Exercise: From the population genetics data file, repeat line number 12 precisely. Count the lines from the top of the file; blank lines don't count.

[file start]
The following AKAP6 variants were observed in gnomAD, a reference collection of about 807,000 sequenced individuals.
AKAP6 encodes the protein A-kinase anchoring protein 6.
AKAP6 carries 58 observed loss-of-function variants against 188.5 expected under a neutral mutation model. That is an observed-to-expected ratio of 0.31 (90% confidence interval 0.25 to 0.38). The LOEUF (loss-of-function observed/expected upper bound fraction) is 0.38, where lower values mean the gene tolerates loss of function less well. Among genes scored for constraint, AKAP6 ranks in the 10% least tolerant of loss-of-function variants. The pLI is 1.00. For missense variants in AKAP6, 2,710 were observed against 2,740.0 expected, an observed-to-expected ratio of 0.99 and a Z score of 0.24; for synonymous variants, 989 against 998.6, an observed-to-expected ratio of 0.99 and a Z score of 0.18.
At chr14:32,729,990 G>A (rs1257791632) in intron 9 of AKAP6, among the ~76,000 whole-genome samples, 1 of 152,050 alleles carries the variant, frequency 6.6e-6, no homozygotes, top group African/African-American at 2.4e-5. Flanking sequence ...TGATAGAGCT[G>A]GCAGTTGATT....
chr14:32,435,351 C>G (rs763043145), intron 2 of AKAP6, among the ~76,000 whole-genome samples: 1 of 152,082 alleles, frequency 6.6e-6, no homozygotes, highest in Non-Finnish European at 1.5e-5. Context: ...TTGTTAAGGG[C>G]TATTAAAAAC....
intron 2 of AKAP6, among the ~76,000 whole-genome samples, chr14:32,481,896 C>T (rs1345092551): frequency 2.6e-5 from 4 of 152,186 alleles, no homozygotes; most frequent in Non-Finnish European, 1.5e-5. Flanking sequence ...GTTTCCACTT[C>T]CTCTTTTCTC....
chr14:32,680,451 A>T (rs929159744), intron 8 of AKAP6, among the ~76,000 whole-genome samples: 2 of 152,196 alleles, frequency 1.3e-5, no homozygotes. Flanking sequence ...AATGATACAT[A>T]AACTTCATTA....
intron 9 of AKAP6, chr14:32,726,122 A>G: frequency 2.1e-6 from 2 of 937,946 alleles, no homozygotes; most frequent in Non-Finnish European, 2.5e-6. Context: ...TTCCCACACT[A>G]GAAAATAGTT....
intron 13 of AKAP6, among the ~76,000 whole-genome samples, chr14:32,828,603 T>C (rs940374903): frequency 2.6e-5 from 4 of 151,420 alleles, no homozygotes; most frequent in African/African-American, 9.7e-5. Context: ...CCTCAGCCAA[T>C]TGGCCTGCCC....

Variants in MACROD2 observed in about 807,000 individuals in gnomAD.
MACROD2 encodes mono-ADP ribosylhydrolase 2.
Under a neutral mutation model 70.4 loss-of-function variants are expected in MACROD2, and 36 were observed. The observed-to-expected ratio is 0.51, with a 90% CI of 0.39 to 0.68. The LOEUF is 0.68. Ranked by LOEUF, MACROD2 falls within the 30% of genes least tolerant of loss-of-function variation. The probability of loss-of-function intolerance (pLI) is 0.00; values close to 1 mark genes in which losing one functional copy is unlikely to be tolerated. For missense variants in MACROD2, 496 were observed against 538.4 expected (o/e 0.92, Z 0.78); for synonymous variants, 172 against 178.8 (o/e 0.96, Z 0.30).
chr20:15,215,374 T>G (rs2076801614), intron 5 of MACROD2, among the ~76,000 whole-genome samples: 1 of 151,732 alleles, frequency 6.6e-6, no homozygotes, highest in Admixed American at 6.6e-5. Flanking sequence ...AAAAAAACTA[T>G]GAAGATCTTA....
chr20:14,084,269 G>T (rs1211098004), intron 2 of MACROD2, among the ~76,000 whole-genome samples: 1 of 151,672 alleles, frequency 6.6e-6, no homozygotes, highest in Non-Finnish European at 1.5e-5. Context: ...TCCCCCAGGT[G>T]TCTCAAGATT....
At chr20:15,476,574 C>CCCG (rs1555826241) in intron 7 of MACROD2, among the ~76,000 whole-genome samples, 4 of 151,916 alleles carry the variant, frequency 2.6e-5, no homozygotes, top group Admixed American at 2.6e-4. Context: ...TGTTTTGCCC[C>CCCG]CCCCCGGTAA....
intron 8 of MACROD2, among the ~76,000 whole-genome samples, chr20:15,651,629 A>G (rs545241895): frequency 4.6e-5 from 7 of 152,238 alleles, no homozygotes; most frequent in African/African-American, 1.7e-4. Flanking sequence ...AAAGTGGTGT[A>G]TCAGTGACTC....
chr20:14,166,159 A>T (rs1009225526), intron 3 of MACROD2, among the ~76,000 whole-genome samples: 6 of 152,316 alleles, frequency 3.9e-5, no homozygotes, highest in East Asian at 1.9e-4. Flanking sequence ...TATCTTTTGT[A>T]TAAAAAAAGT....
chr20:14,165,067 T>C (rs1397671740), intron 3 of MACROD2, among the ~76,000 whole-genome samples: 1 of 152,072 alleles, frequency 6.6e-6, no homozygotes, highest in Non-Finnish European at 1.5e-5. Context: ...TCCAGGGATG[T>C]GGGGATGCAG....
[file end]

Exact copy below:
Under a neutral mutation model 70.4 loss-of-function variants are expected in MACROD2, and 36 were observed. The observed-to-expected ratio is 0.51, with a 90% CI of 0.39 to 0.68. The LOEUF is 0.68. Ranked by LOEUF, MACROD2 falls within the 30% of genes least tolerant of loss-of-function variation. The probability of loss-of-function intolerance (pLI) is 0.00; values close to 1 mark genes in which losing one functional copy is unlikely to be tolerated. For missense variants in MACROD2, 496 were observed against 538.4 expected (o/e 0.92, Z 0.78); for synonymous variants, 172 against 178.8 (o/e 0.96, Z 0.30).